ANOTHER CHANGE IN THE RULES ON APRIL 6th: PERSONAL INJURY LAWYERS CAN SAY GOODBYE (IN SOME CASES) TO THE ADMIRALTY COURT

The focus on the new rules on QOCS coming into force on the 6th April may lead to losing sight of some other changes. In particular the new rules and amendments to the Practice Direction in relation to accidents at sea or which would hitherto have involved the Admiralty Court. The mandatory requirement to use the Admiralty Court has been reduced, otherwise the Court should be used only where the circumstances of the case require its specialist expertise.

 

THE OLD PART 61

CPR 61.(2)(1)(a)(v) used to impose a mandatory obligation to issue in the Admiralty Court where a claim was “for loss of life or personal injury…”.

Amendment of Part 61

Part 61 has been amended

33.—(1) In rule 61.1(2)(b), for “Queen’s” substitute “King’s”.

(2) In rule 61.2—

(a)in paragraph (1)(a), omit paragraph (v); and

(b)in paragraph (2), after “started in the Admiralty Court”, insert and a claim for loss of life or personal injury specified in section 20(2)(f) of the Senior Courts Act 1981(12) should be started in the Admiralty Court in the circumstances set out in Practice Direction 61”.

NEW ADDITIONS TO PRACTICE DIRECTION 61

There are new provisions that limit the circumstances in which a claimant must issue in the Admiralty Court and which allow personal injury proceedings to be issued in the county court.  A personal injury action that arises out of a collision between vessels must be issued in the Admiralty Court. In other cases proceedings should be issued in the Admiralty Court only if “they require or would benefit from the specialist knowledge and experience of that court”.

 

2.6 A personal injury or fatal accident claim must be commenced in the Admiralty Court if it is made in rem or if it arises out of a collision; see CPR rules 61.2(1)(a)(i) and (ii).

2.7 Personal injury and fatal accident claims falling within section 20(2)(f) of the Senior Courts Act 1981 made in personam, if commenced in the High Court, may be commenced in the Admiralty Court.  Under its tort and contract jurisdiction and its jurisdiction to determine claims for sums recoverable under statute conferred by sections 15 and 16 of the County Courts Act 1984 respectively, such claims may also be commenced in the County Court.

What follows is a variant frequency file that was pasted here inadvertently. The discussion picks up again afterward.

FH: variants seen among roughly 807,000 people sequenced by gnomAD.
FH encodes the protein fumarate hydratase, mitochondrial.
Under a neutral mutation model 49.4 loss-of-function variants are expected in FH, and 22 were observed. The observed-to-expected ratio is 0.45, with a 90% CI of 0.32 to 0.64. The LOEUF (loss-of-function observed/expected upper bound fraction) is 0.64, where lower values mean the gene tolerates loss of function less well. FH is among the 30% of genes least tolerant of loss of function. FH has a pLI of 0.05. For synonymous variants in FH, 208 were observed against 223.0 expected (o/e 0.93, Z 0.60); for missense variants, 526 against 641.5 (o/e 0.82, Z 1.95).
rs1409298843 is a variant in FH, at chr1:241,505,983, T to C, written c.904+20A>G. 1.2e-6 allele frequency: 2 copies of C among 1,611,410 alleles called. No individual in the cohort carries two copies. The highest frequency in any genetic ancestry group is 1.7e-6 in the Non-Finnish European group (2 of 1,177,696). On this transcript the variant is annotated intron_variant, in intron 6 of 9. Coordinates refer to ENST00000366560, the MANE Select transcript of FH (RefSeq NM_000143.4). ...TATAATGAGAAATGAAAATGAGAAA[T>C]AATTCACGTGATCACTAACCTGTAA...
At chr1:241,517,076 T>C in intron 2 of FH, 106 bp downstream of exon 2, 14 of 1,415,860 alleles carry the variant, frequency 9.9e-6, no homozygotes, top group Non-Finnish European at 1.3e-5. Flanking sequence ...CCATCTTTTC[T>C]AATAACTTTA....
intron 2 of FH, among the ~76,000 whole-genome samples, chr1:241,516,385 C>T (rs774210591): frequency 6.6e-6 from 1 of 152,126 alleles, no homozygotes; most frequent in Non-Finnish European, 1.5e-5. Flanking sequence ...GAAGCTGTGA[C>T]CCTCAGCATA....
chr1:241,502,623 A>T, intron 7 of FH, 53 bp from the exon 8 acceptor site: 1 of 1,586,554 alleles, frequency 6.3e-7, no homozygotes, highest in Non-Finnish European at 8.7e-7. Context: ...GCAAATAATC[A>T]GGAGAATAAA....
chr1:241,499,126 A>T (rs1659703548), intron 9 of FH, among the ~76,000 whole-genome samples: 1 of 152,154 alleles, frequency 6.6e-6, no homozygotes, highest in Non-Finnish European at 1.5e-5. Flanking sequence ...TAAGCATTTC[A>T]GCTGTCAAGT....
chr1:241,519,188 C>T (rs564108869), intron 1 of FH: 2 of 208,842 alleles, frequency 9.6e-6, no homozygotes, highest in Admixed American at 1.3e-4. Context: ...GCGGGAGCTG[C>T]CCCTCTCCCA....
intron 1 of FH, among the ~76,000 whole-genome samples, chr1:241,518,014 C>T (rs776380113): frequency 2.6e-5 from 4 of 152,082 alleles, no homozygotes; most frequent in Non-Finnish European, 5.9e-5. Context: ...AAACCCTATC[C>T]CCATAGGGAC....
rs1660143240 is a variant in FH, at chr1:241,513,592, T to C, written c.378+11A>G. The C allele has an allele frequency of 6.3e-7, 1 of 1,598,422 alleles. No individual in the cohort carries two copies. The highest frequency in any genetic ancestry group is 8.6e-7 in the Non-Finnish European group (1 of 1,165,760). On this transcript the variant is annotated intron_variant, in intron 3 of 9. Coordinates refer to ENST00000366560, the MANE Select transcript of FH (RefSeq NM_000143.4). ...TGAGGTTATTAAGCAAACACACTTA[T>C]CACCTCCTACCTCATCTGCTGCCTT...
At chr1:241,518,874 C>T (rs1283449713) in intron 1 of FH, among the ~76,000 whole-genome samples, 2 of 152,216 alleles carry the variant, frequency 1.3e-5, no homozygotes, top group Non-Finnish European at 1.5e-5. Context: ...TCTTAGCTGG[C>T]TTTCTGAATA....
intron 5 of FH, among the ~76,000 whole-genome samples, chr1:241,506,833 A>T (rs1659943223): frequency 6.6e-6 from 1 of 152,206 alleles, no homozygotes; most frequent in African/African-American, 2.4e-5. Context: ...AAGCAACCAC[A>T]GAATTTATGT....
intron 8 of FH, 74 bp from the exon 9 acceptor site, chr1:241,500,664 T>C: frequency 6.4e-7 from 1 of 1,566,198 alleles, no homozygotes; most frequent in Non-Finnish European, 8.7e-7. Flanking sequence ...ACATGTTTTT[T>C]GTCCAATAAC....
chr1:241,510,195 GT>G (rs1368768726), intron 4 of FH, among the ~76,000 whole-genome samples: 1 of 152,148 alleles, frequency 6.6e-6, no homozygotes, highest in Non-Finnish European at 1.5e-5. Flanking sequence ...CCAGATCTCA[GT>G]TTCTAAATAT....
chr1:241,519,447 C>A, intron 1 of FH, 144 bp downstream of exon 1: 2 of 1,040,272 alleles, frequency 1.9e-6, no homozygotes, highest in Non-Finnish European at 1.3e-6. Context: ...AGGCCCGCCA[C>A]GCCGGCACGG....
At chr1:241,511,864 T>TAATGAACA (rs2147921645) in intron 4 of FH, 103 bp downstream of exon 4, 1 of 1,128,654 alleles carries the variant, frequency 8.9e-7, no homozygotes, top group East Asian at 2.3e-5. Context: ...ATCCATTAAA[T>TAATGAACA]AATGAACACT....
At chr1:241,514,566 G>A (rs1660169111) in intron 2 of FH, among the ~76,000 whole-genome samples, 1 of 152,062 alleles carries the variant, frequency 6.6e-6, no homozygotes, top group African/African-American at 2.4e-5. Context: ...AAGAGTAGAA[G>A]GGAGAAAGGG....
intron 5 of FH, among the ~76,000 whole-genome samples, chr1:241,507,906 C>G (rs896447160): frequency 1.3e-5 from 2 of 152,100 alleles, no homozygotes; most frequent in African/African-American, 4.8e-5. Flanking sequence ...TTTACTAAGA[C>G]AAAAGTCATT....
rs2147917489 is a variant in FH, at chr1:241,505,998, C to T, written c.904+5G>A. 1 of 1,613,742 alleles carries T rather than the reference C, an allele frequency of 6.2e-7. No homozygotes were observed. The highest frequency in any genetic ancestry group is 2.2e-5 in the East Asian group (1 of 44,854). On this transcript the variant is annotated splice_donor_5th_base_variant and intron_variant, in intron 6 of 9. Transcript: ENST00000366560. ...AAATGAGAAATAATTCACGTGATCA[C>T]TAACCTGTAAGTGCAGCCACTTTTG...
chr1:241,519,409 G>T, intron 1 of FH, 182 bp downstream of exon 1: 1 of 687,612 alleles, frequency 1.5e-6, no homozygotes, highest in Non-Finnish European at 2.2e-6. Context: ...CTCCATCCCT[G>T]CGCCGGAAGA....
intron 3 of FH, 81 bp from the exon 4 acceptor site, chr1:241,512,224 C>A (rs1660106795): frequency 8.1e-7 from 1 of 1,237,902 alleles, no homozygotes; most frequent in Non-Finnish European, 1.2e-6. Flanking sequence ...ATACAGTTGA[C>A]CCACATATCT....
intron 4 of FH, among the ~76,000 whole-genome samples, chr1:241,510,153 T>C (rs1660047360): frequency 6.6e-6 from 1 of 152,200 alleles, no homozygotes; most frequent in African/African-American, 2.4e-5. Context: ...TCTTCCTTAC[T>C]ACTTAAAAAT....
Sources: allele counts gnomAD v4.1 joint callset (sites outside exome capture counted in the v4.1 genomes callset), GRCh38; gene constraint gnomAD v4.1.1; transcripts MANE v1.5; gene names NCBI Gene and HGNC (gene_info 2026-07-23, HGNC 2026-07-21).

2.8 Claims within paragraph 2.7 should not be commenced in the Admiralty Court unless they require or would benefit from the specialist knowledge and experience of that court.  That is likely to include personal injury claims—

(a) which involve questions of navigation, seamanship, boat or ship-handling skills and/or acts or omissions relating to sea state;

(b) which arise out of the shipwreck, capsizing or stranding of the ship, or explosion or fire in the ship;

(c) which are employer’s liability claims relating to or concerning equipment or working practices peculiar to a ship;

(d) which raise difficult or novel questions of private international law or of the interpretation of the Athens Convention. Other personal injury claims not raising any such issues should ordinarily be commenced in the County Court or the Central Office of the King’s Bench Division of the High Court.

2.9 Where a personal injury or fatal accident claim in personam has been commenced in the Admiralty Court but, at any stage, it appears that it may be more efficiently or proportionately tried in another court, then it may be transferred to that other court on the application of any party or of the court’s own motion (see CPR rule 61.2(3)).  The County Court has similar powers under CPR rule 30.3, including the power to transfer to the Admiralty Court.